The plan for the Hinkley Point C, nuclear power plant, was approved in 2013, two years after the disastrous meltdown of 3 out of 4 reactors at Fukushima.  This approval was given in face of the unsolved challenge of nuclear waste disposal and the vast cost of decommissioning both now and in the future, about which there is silence.  This will be at least £70 billion.  As with the 12 defunct nuclear powered submarines (2) lying at their moorings at Devonport, there will be the greatest difficulty in finding places to dump the reactors and their shielding.

We can conclude that 'austerity' is not applied wall to wall and that forethought is not a feature of UK governments.


Conclusion

Studies show clearly that the chasm between the rich and the poor becomes ever deeper.  We see that reflected in the public estate and services.  An assumption is made that the better off are greatly concerned with taxation levels.  Yet proper provision for the elderly, the mentally frail, for young people, for good and well staffed libraries and all the rest, are vital for those served and for the well being and harmony of all within the communities in our county.

The deep concern about 'cuts' was obvious when Councillor Hart, leader of DCC and Councillors Connett, Westlake and Julian made their joint plea for the reversal of government spending cuts 16 June. (3)

If the present path is pursued, we will see public provision continuing to be hollowed out in parallel with increasing poverty in many.  A reckless 'slash and burn' 'policy' will lead to greater distress in the elderly, and discontent and 'disconnection' in the younger.  Society is harmed, irretrievably.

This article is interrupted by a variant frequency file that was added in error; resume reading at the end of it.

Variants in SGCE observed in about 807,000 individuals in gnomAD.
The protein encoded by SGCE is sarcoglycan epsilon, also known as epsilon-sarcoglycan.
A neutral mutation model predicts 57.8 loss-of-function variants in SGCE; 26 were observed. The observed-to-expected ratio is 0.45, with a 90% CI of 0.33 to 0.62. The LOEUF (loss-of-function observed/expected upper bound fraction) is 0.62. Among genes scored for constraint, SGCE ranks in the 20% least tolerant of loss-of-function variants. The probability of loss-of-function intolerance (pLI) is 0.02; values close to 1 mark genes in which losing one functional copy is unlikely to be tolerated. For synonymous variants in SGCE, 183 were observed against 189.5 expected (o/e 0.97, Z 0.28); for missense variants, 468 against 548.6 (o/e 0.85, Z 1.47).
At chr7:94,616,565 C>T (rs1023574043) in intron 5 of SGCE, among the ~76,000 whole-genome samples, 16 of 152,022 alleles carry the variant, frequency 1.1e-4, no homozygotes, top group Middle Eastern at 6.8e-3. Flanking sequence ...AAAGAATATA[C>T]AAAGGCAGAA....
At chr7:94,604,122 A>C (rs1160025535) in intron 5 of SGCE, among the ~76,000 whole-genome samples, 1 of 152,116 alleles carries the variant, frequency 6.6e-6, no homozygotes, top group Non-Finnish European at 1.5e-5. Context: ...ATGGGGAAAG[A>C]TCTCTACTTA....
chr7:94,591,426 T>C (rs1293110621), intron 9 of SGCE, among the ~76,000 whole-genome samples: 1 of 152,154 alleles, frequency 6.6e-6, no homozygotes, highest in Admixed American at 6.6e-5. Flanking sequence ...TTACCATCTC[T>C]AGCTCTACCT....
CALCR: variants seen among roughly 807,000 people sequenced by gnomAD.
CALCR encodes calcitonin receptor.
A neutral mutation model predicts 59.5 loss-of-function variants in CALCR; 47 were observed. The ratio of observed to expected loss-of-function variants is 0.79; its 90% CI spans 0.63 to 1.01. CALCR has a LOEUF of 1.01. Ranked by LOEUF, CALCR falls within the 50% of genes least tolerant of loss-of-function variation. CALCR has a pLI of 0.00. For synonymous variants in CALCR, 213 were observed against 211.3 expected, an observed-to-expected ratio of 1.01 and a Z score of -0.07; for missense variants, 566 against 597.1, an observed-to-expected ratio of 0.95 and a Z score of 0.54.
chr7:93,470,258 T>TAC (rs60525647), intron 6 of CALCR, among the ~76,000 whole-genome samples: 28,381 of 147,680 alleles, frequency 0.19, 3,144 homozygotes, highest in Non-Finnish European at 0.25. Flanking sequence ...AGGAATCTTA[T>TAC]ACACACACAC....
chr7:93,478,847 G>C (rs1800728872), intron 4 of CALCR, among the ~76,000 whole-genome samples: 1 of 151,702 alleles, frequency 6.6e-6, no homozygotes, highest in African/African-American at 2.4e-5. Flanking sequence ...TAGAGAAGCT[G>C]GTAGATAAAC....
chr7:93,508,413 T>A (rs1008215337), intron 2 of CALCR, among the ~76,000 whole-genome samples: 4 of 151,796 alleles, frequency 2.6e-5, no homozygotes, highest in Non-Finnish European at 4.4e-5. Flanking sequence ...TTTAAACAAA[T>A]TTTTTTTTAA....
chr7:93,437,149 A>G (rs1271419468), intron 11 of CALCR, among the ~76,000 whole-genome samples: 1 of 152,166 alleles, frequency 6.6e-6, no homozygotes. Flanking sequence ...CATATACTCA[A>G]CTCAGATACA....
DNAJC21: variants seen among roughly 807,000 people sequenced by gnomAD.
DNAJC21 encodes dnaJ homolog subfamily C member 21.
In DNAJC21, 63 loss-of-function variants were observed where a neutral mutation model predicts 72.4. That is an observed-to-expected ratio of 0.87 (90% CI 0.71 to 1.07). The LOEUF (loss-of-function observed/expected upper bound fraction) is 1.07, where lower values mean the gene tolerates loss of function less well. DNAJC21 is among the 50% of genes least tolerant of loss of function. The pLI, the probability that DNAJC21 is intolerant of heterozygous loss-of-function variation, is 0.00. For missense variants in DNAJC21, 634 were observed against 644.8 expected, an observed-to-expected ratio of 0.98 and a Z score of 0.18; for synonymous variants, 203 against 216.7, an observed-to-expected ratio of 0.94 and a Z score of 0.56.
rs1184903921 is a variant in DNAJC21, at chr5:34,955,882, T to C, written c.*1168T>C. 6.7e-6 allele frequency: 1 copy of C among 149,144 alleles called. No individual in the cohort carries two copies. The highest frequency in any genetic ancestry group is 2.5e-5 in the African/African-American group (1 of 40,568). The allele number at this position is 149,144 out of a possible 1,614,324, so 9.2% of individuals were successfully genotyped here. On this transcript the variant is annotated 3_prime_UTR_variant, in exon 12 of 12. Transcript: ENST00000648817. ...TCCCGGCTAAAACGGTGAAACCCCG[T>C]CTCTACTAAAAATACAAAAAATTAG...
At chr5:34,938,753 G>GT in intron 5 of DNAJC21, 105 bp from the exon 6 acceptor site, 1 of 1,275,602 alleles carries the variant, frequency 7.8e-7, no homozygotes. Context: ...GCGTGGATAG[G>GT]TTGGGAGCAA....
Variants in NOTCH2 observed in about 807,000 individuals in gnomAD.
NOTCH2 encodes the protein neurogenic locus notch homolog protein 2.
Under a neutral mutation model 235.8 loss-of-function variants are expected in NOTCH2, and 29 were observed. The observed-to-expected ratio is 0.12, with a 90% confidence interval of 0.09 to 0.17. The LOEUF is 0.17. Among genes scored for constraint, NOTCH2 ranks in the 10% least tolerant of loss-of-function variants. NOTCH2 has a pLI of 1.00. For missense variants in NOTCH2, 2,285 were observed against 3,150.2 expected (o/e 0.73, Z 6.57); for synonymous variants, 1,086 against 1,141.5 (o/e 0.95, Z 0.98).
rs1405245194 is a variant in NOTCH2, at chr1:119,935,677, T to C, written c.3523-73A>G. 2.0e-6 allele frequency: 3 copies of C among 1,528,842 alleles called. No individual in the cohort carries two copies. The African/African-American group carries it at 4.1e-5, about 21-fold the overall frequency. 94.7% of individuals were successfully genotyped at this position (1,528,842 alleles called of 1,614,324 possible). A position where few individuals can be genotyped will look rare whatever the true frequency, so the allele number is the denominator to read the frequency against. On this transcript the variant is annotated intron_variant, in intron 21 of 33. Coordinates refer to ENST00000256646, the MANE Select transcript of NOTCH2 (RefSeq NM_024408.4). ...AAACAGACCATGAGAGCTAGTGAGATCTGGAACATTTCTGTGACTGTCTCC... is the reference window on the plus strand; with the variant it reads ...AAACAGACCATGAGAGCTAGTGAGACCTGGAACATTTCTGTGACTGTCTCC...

The bankruptcy of thought and responsibility of some in government towards vital services is demonstrated today by the words of this minister within the Department of Health (4).
She did not need to tell some of us -

NHS reforms 'gave away control' of health service

In the recording leaked to the Observer, Conservative health minister Jane Ellison said:

I don't know how much any of you realise that with the Lansley act we pretty much gave away control of the NHS, which means that the thing that most people talk about in terms of health, the NHS, we have some important strategic mechanisms but we don't really have day-to-day control.

From a political point of view, it is a bit like being on a high wire without a net at times, it can be quite exciting.

We want economy Stuart, but above that we want the rational, the thoughtful and the kindly.  It is an irony that the party which is called 'Conservative' is, for the time being, doing the opposite.   

For truth, reason and justice

David Halpin MB BS FRCS  
   
ccs to Councillors Alan Connett, Richard Westlake, Robin Julian and to my web site http://dhalpin.infoaction.org.uk/

  1. Prof Nutt in answer to a question re square mile and cocaine use by me at the Torquay Medical Society
  2. http://www.bbc.co.uk/news/uk-england-devon-27915381
  3. http://www.devonnewscentre.info/all-party-plea-from-devon-to-reverse-government-spending-cuts/
  4. http://www.theguardian.com/society/2014/jun/21/nhs-control-given-away-tory-minister